Mike commented on the changing face of networking, stating that “one link from anybody isn’t going to do anything, but a cluster makes the difference.” To build that cluster Brier suggests going local because it can “be easier to get picked up by regionals like the Seattle Times.” In fact, Brier shared the little secret that “big stories usually click back to a wire service or local story.” You can test this yourself by looking at the history of video propagation on YouTube views, noting which sources are picked up by their bigger peers.
5. Tell Your Story
Curt believes that “the best stuff is human. News is what I am not supposed to know, the rest is just releases.” John suggested that you spend more time developing your story. “Everyone has an app,” he said, “but they also have a story.” For the story to work, Curt cautioned startups to “be real [and] be authentic.” He shared the story of when PopCap Games did their pre IPO roadshow. The CEO and Cofounder apparently sat down with reporters, but ended up providing insight about other game companies like Zynga. They could have pushed back and insisted on talking solely about their company, but by being flexible and providing a service to the reporter, they received great press coverage.
Because of those stories, Mike reminded the audience that “people follow people, not companies.” Brier emphasized that thought, indicating that “the most interesting thing about your company is you, more than your stuff. The person behind the company. The “who” is what makes your story interesting.” He stated that reporters “are always looking for the good human interest story. What is special about you?” He said that you should think about your idea or passion for something and talk about how it will change their lives, the community, or make other people’s lives easier.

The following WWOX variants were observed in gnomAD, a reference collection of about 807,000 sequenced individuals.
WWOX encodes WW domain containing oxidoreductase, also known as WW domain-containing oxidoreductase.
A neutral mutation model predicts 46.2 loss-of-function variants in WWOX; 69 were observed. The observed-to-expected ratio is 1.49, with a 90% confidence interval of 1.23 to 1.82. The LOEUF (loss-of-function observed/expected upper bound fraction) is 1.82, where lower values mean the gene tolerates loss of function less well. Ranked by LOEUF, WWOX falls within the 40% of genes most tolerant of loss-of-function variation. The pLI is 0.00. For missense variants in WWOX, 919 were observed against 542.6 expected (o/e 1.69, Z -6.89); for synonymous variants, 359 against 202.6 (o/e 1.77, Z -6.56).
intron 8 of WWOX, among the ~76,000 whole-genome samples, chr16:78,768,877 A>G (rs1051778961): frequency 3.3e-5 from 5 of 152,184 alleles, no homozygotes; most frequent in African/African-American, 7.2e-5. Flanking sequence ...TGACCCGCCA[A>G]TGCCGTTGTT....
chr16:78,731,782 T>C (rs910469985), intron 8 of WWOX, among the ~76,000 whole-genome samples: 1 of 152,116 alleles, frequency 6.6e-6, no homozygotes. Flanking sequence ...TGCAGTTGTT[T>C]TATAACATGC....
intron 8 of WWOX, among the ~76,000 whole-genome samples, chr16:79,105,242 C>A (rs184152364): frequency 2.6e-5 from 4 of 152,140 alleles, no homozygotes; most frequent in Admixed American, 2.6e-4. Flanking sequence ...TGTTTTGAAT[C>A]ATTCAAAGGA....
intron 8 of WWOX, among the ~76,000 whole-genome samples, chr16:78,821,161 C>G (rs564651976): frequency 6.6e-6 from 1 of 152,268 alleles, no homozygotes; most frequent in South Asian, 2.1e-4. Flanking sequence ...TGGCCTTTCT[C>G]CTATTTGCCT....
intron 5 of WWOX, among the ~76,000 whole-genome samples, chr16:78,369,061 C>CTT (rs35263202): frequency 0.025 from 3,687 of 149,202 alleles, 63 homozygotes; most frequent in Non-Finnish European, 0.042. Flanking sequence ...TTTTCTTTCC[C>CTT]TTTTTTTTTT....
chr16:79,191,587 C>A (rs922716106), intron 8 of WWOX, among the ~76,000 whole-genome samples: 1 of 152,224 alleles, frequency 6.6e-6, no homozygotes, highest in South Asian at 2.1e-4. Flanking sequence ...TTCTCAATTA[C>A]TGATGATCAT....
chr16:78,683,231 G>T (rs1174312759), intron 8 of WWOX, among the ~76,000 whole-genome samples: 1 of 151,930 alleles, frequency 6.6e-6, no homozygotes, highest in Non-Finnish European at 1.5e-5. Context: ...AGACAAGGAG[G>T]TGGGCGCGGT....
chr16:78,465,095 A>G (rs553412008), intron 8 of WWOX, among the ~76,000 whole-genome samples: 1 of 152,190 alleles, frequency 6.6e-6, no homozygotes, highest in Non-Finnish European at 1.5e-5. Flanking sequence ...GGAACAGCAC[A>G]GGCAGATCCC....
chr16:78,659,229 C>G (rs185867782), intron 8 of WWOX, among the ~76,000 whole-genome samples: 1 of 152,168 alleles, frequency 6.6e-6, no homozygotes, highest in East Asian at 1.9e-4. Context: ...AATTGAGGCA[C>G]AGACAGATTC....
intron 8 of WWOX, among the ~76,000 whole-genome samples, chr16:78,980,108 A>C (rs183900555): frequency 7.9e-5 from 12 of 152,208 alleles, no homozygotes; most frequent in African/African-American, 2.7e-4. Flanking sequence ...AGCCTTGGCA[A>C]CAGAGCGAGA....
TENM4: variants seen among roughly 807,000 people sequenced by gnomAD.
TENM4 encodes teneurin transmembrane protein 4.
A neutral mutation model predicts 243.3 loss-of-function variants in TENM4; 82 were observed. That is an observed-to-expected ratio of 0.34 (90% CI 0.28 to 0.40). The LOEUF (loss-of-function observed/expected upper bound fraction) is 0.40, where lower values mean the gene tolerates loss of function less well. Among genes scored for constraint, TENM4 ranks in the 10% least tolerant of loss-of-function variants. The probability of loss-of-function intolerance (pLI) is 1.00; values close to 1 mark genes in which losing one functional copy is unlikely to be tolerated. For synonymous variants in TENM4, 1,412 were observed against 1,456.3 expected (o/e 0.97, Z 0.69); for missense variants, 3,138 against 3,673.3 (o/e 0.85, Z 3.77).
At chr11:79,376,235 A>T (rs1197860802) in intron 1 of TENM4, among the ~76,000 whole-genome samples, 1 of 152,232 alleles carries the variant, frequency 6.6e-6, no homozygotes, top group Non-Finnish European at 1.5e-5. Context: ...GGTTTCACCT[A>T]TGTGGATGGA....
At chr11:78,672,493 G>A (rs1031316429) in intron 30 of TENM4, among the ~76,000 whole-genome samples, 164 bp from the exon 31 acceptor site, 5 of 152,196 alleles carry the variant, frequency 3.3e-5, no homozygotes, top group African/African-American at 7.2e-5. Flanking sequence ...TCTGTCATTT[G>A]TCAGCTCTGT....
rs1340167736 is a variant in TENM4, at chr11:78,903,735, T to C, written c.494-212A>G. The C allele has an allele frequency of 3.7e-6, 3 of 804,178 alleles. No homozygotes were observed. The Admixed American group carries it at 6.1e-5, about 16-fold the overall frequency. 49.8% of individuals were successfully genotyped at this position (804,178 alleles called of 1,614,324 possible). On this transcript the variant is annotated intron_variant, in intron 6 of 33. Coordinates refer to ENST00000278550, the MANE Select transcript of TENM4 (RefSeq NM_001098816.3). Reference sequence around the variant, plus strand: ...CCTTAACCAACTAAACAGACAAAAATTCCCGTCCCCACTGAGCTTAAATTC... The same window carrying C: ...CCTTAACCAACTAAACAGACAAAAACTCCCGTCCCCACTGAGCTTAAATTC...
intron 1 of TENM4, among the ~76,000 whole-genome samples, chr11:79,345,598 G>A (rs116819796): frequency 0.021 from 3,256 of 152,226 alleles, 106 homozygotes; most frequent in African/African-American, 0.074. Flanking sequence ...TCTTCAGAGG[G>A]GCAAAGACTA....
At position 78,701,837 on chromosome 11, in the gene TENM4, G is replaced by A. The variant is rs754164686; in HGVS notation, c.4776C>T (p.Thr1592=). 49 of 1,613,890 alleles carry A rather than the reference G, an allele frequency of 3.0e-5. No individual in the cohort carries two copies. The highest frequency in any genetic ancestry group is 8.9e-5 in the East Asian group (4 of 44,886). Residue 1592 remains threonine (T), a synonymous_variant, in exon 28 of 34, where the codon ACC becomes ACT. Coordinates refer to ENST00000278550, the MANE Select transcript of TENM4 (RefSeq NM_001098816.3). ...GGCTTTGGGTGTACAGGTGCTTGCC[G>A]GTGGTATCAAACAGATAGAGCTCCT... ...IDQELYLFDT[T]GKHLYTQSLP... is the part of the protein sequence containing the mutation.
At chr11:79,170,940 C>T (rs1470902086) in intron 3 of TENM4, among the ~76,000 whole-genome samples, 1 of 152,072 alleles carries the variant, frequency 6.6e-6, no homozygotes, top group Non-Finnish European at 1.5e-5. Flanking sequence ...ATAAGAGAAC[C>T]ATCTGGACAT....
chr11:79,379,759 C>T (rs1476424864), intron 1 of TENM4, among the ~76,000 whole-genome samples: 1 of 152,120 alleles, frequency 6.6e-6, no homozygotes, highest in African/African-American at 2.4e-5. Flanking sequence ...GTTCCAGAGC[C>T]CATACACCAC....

So how do you bundle all that advice into real world examples?
John Cook related an example of packaging and presenting your story the right way. BigOven CEO Steve Murch took the time to create a story content package and deliver all of the essential reporting elements on a silver platter. Steve provided a link to his website, product images, headshots, a YouTube video and the personal human element from his own life to the story. “It was perfect,” said John. They did the entire interview via email. Read John’s post to see how he used the elements. John did say that he “wishes he would have had a little bit better art, but [it was] otherwise perfect.]
The next case study serves a dual purpose. Mike Davidson’s edgy anecdotal story both showcases how one presidential hopeful used digital media the wrong way and how Mike used the perfect pitch strategy and timing to propel his story to the national stage. At the time, Mike was CEO of startup newsvine.com. From Mike’s blog post we read, “John McCain’s people commandeered my world-renowned MySpace design template and did a few things wrong.”
It really is so easy to provide attribution to your sources, but apparently, the McCain camp not only forgot to provide credit, but they also used an image being served from Mike’s own server. Can you guess where this is going? As Mike put it, “I figured it was time to play a little prank on Johnny Mac.” If you are going to do something to a presidential candidate’s website, you might as well go big so Mike contacted Michael Arrington to provide the scoop and perfectly time the lesson in internet etiquette. You can still see a copy of the site change in Michael’s post.
But the story doesn’t stop there. Mike knew he had “made it” when the story got incorporated into this Daily Show edition at the 2:30 mark.
If you found these tips and case studies helpful, start building your media relationships by taking a moment to send an email or tweet to your favorite reporter from the panel and say “thank you.”
I would love to hear some of your success or failure stories in creating buzz around your startups or other media projects.